Create Action Steps. Now evaluate everything you have written down. Create a realistic action step you can take with every line on your list. For every item on your “What is going really well?” list, consider what specific action you can do to make that list item happen more. What can you do to make more of this happen? How can you solidify this and make sure it continues to happen?
Likewise, for every item on your “What needs attention and change?” list, consider the specific actions you can take to change this item. What can you do differently to eliminate or mitigate every item on this list?
At the end of this step, you should have a list of action steps you can take to enhance the positives and eliminate or decrease the negatives. This list is the “key” to open the door to an easier, happier, and more fulfilling life.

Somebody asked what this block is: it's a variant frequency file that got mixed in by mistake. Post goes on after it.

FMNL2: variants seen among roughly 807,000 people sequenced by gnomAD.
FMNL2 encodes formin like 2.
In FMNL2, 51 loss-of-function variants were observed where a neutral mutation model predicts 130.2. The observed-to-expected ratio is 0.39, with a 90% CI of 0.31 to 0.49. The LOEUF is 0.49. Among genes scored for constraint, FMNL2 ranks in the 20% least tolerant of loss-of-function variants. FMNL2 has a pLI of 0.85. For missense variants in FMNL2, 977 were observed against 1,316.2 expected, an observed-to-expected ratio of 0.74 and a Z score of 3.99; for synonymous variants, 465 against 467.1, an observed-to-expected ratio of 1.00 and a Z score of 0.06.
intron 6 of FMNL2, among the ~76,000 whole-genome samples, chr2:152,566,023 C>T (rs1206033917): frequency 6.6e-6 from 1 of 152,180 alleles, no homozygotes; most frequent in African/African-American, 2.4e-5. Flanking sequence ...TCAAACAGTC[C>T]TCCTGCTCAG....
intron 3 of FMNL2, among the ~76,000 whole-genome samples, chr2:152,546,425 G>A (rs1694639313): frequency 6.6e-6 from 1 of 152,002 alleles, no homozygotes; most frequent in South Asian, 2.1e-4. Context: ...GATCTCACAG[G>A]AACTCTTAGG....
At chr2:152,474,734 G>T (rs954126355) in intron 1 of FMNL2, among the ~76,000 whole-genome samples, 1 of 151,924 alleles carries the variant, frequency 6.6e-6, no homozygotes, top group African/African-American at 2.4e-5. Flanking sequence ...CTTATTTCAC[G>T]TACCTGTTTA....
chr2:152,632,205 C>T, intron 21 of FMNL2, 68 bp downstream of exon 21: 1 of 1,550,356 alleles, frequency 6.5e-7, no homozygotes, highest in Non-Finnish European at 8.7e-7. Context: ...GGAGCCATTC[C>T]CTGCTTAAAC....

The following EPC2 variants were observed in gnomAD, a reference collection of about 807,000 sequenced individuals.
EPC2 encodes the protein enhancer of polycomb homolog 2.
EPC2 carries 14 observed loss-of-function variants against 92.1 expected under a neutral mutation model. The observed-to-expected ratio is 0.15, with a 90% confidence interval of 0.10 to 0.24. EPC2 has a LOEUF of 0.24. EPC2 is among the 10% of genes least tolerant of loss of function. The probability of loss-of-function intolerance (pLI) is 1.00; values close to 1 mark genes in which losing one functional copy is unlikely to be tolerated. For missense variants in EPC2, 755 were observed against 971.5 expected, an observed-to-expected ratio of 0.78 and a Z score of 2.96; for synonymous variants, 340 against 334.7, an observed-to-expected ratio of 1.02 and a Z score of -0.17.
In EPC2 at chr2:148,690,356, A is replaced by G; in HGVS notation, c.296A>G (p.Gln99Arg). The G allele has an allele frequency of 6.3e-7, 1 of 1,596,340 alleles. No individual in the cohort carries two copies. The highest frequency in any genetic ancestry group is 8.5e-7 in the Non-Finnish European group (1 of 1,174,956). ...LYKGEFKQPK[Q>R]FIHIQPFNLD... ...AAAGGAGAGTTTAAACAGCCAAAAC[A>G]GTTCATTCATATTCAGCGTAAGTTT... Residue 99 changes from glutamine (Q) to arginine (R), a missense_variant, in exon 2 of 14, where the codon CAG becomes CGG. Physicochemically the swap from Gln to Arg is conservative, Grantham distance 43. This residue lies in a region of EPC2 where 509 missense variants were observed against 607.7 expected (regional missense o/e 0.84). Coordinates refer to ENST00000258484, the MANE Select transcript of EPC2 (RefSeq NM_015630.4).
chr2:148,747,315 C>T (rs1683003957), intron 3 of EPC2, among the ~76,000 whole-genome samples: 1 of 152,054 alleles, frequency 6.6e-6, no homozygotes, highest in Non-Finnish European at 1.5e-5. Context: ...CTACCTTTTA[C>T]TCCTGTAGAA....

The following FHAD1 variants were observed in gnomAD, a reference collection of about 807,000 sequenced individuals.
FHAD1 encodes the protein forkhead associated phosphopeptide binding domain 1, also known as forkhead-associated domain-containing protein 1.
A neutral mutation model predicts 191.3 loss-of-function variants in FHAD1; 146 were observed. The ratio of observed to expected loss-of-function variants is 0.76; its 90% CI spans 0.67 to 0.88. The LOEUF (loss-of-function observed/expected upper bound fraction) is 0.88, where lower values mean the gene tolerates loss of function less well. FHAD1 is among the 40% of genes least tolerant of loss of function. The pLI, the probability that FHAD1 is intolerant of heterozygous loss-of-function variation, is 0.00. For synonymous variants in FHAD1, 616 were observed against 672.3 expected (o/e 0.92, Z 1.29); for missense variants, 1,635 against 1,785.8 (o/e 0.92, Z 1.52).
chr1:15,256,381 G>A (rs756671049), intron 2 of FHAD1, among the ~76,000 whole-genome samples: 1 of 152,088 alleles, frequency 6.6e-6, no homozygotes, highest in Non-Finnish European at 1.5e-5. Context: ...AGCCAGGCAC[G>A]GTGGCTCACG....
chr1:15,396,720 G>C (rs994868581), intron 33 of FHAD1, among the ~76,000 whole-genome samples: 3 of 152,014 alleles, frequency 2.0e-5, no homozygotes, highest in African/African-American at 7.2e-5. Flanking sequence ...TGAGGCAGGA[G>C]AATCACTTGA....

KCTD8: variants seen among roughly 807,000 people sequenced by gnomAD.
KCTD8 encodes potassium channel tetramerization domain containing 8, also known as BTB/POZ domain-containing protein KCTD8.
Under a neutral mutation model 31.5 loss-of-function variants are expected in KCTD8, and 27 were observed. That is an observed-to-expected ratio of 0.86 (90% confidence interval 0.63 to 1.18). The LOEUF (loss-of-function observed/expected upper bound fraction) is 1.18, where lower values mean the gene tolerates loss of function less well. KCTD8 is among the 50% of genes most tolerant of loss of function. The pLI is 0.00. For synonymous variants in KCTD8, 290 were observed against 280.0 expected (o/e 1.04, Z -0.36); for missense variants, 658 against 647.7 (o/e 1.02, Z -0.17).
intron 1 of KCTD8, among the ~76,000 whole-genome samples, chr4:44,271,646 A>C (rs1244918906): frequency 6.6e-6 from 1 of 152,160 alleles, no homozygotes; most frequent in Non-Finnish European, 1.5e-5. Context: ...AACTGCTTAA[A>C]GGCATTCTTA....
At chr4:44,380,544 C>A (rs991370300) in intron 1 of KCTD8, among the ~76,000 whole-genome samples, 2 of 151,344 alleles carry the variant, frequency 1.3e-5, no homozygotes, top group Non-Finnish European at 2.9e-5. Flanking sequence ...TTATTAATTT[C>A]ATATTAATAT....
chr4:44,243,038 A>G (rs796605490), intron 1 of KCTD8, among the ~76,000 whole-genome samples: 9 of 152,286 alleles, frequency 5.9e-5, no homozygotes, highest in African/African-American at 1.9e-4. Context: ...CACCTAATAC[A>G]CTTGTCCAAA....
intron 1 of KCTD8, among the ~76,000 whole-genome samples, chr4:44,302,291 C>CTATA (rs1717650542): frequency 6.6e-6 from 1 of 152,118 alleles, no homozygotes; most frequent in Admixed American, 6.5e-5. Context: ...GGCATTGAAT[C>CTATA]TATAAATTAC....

Allow me to share a few examples of some of my recent, straight forward and less personal contemplations and evaluations of my clinic. While these are more pragmatic in nature, I certainly also encourage a deep dive into the more philosophical, introspective, and personal topics resonating within your heart.
Take Action Steps. Now be intentional to complete these action steps. Complete them as soon as possible. A good idea will only ever remain a good idea until there is action taken to bring it to life. Make each item on your list happen.
This exercise is so easy, yet so powerful.
I promise when you do this, your life will change.